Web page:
- Security TWENTY
- Women in Security
As the UK’s online age verification checks scheduled to come into force this summer, a cyber security firm is advising UK internet users that the new rules could increase the risk of identity theft and other cyber crimes.
F-Secure Principal Consultant Tom Gaffney says: “Preventing kids from accessing certain types of online content, such as pornography, is in everyone’s interest. But people who share personal details with third-party age verification platforms need to know that attackers actively target this type of data, and will likely find these databases very enticing. Plus, criminals will almost certainly try to trick users into disclosing personal information by creating fake websites that look like legitimate verification pages, which is another risk users need to be made aware of.”
Under the new laws, British internet users will be required to verify their age, to access adult content websites. This could mean sharing personal information such as passport, driving license, phone number or credit card details with third-party age verification platforms, or purchasing a “porn pass” at a local shop. As the cyber firm says, cyber crime has become more common in the UK than traditional robbery or theft; and attacks are becoming more frequent and sophisticated, while the public often takes a complacent approach to digital security.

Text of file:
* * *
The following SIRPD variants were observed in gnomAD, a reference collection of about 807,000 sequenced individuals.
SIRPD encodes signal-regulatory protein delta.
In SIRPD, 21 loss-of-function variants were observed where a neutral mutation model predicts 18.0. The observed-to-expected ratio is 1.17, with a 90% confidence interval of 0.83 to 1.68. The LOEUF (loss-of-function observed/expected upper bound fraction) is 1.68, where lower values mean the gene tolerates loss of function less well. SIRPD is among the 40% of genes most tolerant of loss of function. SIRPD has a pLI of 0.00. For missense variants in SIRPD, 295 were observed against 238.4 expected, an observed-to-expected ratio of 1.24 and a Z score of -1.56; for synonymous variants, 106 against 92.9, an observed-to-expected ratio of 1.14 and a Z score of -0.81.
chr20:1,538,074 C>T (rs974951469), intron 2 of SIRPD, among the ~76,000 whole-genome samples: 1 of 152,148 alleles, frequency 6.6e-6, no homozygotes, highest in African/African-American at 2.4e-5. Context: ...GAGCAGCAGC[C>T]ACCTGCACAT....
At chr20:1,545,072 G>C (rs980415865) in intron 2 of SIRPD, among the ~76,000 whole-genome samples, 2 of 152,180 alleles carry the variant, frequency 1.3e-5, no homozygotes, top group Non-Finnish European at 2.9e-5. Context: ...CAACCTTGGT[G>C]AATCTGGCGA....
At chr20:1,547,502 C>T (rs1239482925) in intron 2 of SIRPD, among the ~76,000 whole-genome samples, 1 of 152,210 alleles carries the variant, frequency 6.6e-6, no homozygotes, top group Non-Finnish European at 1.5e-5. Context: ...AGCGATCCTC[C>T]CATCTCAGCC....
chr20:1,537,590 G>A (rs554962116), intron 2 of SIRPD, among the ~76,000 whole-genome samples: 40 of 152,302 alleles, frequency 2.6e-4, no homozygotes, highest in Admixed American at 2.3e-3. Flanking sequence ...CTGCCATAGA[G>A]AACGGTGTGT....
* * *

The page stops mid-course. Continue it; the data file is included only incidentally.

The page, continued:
And while he supports the intent to protect children, F-Secure’s Fennel Aurora, a security advisor with the company, says the checks could backfire by enticing minors into taking other risks. He says: “The checks may drive those who wish to avoid the age verification system into engaging in more risky online behaviours. This could include accessing smaller, unregistered sites, or using free, untrustworthy tools that can harm unsuspecting users attempting to work around the checks. If these behaviours increase, we could end up exposing internet users of all ages to illegal content, as well as malware and other cyber crimes.”
According to Aurora, educating families and kids about online security, privacy, and how to behave online is as important as regulating websites. He adds: “While we understand the desire to limit children’s exposure to potentially harmful content, it’s not a long-term plan for keeping kids safe. Regulation is an aid and not a replacement for the parent’s role.”